Murderous Mechanical Hornet

Now all of us will be going through your products to see what we can find! How do you know when a product is finished?

Sometimes I have to force myself to stop, especially when doing a set that is chock full of options. I have a tendency to go overboard and want sets to be as versatile as possible, so I try to limit myself to a number of material options and stick to it. This way, I know I’m done and don’t just keep adding lots of options unnecessarily. 

What challenges have you overcome as you developed as an artist?

My main challenge was going from Poser to Daz Studio. Learning something new is always very daunting for anybody, but having the discipline to persevere with learning a new skill is very important. 

As someone who’s been making products for Daz for many years, what advice would you give to someone who wants to become a PA? 

Be patient! Being a PA isn’t some sort of “get rich quick” scheme. The work hours are long, and, like most things in life, you’re only going to get out of it what you put into it. 

I started doing this part time, whilst working a real-world job. It takes years to build up skills and a trusting customer base. Once I reached a level where I knew I could live 100% on my PA income, I went full time.

If you want to be a PA, I suggest you look at it as you would if you’re about to go into higher education and get a diploma or degree. It’s a long learning curve, so expect a lot of skill-building before you can think about making a decent amount of money. 

It is also one of those jobs, similar to a vocation. It isn’t just about churning out products to make cash. You will always be learning new things as software becomes more innovative and advanced. If you don’t keep up-to-date on the latest technology, your products will start to look dated. Always be mindful to be proactive about learning new software/technology and stay ahead of the curve. Knowledge is power.

This is really great advice and gives all of us a glimpse of the effort you’ve put into your craft. Where else can we see your artwork, products, and other work? 

You can view my Daz Gallery here

a dystopian caravan in a desert landscape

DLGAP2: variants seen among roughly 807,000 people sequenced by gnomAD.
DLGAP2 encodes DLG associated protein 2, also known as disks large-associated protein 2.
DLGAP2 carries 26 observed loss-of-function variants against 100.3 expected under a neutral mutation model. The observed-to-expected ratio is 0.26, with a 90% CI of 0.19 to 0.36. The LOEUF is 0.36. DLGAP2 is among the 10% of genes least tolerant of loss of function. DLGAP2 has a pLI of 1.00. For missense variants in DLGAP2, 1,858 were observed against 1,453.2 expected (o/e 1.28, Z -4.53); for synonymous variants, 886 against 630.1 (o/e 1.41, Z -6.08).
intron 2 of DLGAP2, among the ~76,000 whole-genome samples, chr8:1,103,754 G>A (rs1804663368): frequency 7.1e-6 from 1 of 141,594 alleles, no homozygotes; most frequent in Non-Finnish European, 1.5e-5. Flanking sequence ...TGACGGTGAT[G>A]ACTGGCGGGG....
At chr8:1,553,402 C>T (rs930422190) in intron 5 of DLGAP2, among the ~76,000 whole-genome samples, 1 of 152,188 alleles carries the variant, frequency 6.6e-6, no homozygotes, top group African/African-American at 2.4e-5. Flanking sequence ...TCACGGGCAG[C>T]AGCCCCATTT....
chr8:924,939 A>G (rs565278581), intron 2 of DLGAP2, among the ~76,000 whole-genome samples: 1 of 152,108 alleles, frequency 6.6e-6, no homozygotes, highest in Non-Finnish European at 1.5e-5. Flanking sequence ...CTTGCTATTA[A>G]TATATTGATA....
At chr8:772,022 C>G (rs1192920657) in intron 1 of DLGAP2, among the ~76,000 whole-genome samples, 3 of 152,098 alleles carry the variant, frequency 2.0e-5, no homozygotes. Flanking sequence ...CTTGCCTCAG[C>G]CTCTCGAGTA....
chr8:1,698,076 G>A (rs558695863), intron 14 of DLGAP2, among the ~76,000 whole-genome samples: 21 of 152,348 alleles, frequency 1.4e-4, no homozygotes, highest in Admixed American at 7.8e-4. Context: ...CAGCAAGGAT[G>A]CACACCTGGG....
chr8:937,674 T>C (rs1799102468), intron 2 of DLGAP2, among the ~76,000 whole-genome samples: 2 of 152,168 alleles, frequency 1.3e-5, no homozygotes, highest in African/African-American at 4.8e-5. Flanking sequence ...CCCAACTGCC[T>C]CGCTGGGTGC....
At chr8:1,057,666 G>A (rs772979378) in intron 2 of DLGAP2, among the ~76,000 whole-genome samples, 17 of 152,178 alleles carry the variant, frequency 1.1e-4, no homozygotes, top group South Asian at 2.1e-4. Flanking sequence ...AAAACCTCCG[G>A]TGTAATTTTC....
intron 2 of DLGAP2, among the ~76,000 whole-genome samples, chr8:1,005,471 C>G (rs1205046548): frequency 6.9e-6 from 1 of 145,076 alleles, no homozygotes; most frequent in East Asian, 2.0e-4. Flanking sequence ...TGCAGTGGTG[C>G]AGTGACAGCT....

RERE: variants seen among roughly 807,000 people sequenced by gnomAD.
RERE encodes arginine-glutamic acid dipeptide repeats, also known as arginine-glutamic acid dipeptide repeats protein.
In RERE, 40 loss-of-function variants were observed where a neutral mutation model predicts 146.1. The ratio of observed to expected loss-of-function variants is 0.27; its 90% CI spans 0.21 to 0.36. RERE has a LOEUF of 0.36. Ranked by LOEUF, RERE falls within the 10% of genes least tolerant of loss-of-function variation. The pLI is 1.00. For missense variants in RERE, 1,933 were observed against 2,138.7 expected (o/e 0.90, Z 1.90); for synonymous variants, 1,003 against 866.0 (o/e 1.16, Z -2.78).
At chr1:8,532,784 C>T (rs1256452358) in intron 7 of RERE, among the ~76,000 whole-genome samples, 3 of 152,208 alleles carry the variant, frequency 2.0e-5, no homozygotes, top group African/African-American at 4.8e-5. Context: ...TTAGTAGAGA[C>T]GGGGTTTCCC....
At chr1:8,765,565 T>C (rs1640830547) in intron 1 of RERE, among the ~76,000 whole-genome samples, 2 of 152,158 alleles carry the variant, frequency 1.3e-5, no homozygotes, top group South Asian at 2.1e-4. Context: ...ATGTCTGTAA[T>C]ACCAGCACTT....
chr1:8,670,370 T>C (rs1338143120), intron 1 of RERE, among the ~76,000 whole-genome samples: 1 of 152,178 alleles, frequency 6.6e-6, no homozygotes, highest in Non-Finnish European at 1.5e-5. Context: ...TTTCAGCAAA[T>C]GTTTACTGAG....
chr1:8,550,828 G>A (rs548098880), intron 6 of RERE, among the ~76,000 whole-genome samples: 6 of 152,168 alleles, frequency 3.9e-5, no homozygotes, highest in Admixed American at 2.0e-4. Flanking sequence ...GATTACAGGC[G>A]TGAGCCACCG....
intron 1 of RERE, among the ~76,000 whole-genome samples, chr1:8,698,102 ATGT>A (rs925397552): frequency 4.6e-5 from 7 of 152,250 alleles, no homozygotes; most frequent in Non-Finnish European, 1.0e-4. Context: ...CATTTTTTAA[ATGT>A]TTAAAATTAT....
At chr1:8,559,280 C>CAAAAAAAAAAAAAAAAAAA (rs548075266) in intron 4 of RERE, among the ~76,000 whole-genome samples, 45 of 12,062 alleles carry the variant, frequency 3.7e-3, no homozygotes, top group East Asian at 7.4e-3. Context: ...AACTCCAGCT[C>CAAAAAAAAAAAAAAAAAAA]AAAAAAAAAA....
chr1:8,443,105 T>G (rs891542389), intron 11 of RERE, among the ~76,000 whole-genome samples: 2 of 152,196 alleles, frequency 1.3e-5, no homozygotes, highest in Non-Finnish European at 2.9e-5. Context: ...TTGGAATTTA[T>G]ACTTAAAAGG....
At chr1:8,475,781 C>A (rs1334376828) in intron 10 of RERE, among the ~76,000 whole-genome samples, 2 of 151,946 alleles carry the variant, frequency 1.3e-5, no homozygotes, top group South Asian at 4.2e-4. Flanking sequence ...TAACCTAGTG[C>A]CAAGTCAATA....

Dystopia for the Vintage Caravan and Props

Now, let’s talk about your personal life. What do you like to do when you’re not making awesome products or renders?

I enjoy photography, visiting historical places, walks on the beach, and hunting for fossils. 

What advice would you give your younger self?

To have more patience and slow down. Don’t rush things — stuff will happen when it’s supposed to. 

And speaking of when you were younger, what did you want to be when you grew up?

I wanted to be a midwife, but then I came to the sobering realization that I’m not as fond of people as I thought I was. 

Haha! I think many of us can relate to that. What are some fun facts the Daz community would be surprised to learn about you?

I really don’t know?? 

I had open heart surgery when I was six months old. 

And I worked on the first Coca Cola NFT in partnership with Daz 3D.

Wow! What would you say is your spirit animal?

A dog.

And last of all… You can choose one superpower — what is it and why?

Instead of being able to touch stuff and it turns to gold, I’d like to touch stuff and it turns into chocolate. Because… that would be awesome.

It really would be! ForbiddenWhispers, thanks for taking the time to chat with us. Thank you for your dedication over the years, and we’re excited to see what you come up with next!

  • @ForbiddenWhisphers Thanks for sharing your insights and for making a lot of cool props, shaders and texture sets! I especially like your steampunk and cyber themed products.
    P.S. In regards to your superpower, do I sense a future product from you… a chocolate fountain 😉